Creativity is Key to Workplace Wellness

Now that workplace campaigns are wrapped up for the season, we have some time to research new ideas to revamp our Arts Breaks for the next season.  The more I research, the more I learn about the connection between creativity and workplace wellness.  Artistic outlets really do make a difference in a company, both for employees’ benefit and for the company’s long-term sustainability. I know we all have some gripes about work (don’t lie and say you don’t!).  That’s why it’s called work and not play, right?  But what if we could make work a little more inviting and motivating by using creative outlets?  Employees would be motivated and companies will benefit.  That’s why I’ve really enjoyed reading more from the resources available through “Creativity at Work.”  They specialize in combining creative outlets with professional development to enhance the workplace.   Their workshops take our Arts Breaks to the next level, but I think we could learn a lot from their resources, and so could your workplace!

Workplace Wellness isn’t just about physical health, it is also characterized by a motivated, engaged and inspired workforce who do great work.

There is a lot of talk about work/life balance.  We all know that that balance is difficult to achieve, but by incorporating some creative aspects into any type of work or office the benefits can be far-reaching.  Workplace wellness through creativity and employee engagement contribute to recruitment, retention, and sustainability of workplace.  According to “Creativity at Work”, there are always opportunities to be creative– it just may not be in the traditional sense of artistic creation.  These workplace opportunities can encompass communication skills, problem-solving, developing meaningful relationships, decision-making, and new insight into markets or solutions.  Not only do employees value chances to be creative, but they also value the engagement and sense of community that come as a result of such creative opportunities.  A more engaged and comfortable employee often makes for a more motivated and hard-working employee.  Again, it’s a win-win!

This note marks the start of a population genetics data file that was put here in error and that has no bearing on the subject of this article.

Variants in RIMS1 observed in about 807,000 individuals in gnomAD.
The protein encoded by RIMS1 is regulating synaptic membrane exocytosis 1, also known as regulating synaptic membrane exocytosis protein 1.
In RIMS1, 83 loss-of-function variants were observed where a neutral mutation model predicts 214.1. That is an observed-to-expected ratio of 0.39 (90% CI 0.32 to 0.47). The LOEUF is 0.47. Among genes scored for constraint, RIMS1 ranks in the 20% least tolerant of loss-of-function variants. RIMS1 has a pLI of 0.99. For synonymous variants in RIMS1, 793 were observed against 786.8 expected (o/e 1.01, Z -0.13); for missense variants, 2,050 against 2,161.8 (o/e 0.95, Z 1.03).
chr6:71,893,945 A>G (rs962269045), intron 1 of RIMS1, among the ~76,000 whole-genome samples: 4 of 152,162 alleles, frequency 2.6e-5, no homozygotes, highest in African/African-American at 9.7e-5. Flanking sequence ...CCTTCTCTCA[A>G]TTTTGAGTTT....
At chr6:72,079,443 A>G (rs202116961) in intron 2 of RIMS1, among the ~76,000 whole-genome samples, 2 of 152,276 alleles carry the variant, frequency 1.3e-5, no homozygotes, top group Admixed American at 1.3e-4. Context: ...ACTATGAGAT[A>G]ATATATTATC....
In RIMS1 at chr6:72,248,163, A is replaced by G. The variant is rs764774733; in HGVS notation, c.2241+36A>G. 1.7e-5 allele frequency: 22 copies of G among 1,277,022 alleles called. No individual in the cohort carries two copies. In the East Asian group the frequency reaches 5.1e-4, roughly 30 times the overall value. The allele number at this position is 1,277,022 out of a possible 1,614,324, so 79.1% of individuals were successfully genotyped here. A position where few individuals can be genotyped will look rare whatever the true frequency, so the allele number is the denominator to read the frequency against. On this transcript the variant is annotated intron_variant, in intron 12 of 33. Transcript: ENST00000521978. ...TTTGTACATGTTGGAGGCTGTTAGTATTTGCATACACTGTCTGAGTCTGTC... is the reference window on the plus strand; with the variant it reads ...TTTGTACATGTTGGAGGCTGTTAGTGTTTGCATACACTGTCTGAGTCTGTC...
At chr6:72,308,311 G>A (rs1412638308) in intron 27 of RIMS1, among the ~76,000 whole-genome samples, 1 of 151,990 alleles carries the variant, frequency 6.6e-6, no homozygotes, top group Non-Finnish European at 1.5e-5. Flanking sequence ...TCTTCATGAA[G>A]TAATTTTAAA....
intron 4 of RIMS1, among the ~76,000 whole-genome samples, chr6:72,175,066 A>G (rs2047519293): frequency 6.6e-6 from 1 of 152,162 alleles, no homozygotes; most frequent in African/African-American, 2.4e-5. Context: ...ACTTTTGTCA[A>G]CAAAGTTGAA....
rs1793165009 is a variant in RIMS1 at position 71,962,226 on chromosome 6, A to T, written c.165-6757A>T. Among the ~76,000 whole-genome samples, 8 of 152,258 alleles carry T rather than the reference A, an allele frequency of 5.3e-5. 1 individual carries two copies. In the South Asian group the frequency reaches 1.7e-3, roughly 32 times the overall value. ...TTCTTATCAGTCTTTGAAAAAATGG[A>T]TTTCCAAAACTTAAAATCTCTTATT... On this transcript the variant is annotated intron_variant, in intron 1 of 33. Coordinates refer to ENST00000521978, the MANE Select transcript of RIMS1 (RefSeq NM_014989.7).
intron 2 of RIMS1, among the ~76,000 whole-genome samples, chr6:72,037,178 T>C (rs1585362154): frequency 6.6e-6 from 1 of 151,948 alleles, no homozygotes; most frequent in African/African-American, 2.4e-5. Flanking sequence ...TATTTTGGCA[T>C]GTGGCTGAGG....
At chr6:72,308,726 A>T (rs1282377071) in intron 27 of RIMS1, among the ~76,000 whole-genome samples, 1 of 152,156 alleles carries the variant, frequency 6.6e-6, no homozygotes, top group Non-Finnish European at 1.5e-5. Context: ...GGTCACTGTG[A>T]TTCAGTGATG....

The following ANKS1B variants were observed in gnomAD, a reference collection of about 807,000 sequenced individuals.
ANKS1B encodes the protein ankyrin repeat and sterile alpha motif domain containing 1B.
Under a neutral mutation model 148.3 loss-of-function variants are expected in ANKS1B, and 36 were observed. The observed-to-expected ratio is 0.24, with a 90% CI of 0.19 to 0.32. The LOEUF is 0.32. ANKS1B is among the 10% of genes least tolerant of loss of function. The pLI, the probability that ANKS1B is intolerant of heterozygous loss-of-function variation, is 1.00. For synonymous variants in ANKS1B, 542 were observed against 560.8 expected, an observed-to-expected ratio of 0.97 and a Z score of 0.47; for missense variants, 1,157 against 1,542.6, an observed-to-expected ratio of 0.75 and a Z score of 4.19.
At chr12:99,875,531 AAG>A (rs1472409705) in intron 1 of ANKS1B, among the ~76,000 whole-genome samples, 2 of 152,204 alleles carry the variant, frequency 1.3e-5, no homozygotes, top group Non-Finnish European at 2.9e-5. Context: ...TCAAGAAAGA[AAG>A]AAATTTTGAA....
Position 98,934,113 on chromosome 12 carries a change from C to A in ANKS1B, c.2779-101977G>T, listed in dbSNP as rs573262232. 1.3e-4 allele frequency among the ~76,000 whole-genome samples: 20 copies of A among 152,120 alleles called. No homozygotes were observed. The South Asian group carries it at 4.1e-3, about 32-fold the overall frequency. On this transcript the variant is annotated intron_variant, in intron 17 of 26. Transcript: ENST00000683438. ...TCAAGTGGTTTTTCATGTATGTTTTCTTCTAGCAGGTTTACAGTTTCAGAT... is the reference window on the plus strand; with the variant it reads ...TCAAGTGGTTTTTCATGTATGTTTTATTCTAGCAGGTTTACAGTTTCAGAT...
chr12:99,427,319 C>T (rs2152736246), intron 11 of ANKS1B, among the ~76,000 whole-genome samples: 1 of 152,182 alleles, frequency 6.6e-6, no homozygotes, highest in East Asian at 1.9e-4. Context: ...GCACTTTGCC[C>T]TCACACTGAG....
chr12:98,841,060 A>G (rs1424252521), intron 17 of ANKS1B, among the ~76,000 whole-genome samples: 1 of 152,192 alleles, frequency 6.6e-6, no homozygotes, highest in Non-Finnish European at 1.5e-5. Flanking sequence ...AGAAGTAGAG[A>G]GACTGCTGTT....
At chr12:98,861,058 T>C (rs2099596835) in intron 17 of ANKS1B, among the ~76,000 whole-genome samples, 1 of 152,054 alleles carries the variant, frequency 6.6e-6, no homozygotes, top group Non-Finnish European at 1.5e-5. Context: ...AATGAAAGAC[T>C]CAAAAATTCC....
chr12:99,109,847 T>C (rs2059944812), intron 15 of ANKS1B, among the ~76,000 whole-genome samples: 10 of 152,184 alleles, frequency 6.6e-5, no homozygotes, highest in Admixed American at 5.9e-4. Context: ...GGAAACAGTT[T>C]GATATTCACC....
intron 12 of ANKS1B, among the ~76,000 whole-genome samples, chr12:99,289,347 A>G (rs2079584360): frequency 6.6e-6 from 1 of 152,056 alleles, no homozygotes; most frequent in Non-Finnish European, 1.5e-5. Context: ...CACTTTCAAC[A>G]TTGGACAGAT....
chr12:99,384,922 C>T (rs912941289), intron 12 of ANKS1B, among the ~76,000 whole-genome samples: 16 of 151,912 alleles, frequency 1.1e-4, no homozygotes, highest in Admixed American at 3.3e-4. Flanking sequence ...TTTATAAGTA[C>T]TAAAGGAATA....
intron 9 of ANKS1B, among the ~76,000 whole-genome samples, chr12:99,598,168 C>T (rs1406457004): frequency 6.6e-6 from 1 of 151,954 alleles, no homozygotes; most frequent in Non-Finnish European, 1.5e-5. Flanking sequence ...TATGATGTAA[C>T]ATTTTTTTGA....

Sir Richard Branson is a savvy businessman who has created an empire, but in doing so he has been very cognizant of inspiring his employees to be engaged and creative in the business.  He wants employees who want to come to work, who are driven leaders, and who are loyal to the team.  He has seven steps he adheres to in order to inspire passion in his employees and their work:

  1. Match the passion of employees with the mission of the company
  2. Tell employees what needs to be done and let them figure out how to do it
  3. Instead of shooting down ideas, coach employees on improving their ideas
  4. Collaborate with employees to overcome organizational constraints that deplete energy and motivation
  5. Provide occasions for informal social interaction for the team to get to know each other as professionals and as human beings to build trust among the team
  6. Ask questions that spark energy and insight
  7. Craft meaningful and exciting work

Creativity may come in many forms, whether it is hosting a musician in your cafeteria at lunchtime, making a Drip & Splat painting with your team, inspiring new solutions to a problem, or providing insight into your company’s work.  It is absolutely necessary for workplace wellness and company sustainability to incorporate creative outlets.  And in the end, if we all bring a little more creativity into our workplaces, we all will win.

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